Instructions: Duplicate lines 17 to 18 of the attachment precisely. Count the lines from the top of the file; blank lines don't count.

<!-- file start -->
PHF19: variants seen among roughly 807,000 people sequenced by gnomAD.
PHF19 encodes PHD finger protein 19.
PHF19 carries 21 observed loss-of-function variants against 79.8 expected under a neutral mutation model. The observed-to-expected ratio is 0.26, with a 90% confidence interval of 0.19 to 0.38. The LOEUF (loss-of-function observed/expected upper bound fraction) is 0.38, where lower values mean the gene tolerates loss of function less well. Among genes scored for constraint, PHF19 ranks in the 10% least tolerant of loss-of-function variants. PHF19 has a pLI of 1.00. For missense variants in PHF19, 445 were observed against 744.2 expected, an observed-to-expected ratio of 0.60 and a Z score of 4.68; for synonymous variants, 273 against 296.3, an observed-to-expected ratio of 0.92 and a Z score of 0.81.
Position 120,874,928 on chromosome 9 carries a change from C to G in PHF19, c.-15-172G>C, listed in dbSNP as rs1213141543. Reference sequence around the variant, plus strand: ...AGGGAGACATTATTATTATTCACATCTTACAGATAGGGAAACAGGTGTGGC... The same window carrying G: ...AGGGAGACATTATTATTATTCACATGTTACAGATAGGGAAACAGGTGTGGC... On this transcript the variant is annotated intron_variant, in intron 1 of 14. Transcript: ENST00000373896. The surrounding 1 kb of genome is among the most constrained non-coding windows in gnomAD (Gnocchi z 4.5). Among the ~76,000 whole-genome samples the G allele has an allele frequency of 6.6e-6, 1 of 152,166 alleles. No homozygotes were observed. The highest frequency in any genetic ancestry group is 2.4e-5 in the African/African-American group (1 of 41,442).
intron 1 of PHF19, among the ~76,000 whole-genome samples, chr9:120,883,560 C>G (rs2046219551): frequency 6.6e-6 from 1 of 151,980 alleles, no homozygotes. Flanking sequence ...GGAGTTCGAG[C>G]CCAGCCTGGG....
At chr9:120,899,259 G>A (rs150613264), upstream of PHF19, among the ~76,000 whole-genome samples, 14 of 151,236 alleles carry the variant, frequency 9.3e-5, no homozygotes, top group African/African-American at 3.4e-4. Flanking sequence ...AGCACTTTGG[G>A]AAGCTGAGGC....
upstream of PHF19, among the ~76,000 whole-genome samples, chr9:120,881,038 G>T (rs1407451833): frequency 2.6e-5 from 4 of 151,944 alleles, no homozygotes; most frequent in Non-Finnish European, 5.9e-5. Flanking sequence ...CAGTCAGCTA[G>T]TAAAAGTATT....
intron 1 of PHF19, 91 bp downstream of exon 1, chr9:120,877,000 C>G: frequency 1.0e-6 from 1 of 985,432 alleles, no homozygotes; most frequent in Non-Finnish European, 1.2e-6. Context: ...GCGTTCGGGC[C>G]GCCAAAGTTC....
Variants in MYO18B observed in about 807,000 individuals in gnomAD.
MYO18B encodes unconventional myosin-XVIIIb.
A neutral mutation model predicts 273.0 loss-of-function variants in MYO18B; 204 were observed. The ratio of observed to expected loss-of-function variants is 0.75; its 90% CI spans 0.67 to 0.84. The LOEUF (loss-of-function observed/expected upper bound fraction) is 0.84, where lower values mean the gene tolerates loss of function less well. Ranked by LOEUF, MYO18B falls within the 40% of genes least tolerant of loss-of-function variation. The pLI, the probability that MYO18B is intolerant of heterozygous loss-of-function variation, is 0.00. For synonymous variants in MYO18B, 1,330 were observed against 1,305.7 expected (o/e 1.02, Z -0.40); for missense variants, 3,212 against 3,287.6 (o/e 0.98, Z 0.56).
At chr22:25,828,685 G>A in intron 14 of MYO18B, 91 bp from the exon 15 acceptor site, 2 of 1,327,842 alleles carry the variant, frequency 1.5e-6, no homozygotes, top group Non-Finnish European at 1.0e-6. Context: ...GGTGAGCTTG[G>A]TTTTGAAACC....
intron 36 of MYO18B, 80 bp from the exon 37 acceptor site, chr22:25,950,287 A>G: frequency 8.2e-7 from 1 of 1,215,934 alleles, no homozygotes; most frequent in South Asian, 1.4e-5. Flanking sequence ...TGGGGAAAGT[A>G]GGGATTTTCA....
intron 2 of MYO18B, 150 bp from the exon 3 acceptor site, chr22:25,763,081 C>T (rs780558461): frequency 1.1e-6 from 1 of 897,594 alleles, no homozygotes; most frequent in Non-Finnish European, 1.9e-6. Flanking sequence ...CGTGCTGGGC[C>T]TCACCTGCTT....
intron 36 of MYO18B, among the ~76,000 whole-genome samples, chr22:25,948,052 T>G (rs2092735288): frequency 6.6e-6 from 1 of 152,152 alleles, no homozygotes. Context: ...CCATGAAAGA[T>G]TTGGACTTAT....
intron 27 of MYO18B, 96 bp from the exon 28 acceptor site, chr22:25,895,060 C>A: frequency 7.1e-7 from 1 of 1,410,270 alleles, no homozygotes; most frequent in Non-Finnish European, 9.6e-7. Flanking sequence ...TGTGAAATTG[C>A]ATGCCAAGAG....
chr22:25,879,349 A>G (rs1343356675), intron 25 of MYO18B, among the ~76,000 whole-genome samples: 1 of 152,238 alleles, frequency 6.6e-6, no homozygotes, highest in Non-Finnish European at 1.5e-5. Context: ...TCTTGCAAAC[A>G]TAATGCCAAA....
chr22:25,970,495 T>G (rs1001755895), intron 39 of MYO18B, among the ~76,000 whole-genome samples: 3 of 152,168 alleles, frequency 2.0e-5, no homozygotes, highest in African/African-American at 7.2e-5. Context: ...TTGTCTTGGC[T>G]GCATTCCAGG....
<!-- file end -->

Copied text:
chr22:25,879,349 A>G (rs1343356675), intron 25 of MYO18B, among the ~76,000 whole-genome samples: 1 of 152,238 alleles, frequency 6.6e-6, no homozygotes, highest in Non-Finnish European at 1.5e-5. Context: ...TCTTGCAAAC[A>G]TAATGCCAAA....
chr22:25,970,495 T>G (rs1001755895), intron 39 of MYO18B, among the ~76,000 whole-genome samples: 3 of 152,168 alleles, frequency 2.0e-5, no homozygotes, highest in African/African-American at 7.2e-5. Context: ...TTGTCTTGGC[T>G]GCATTCCAGG....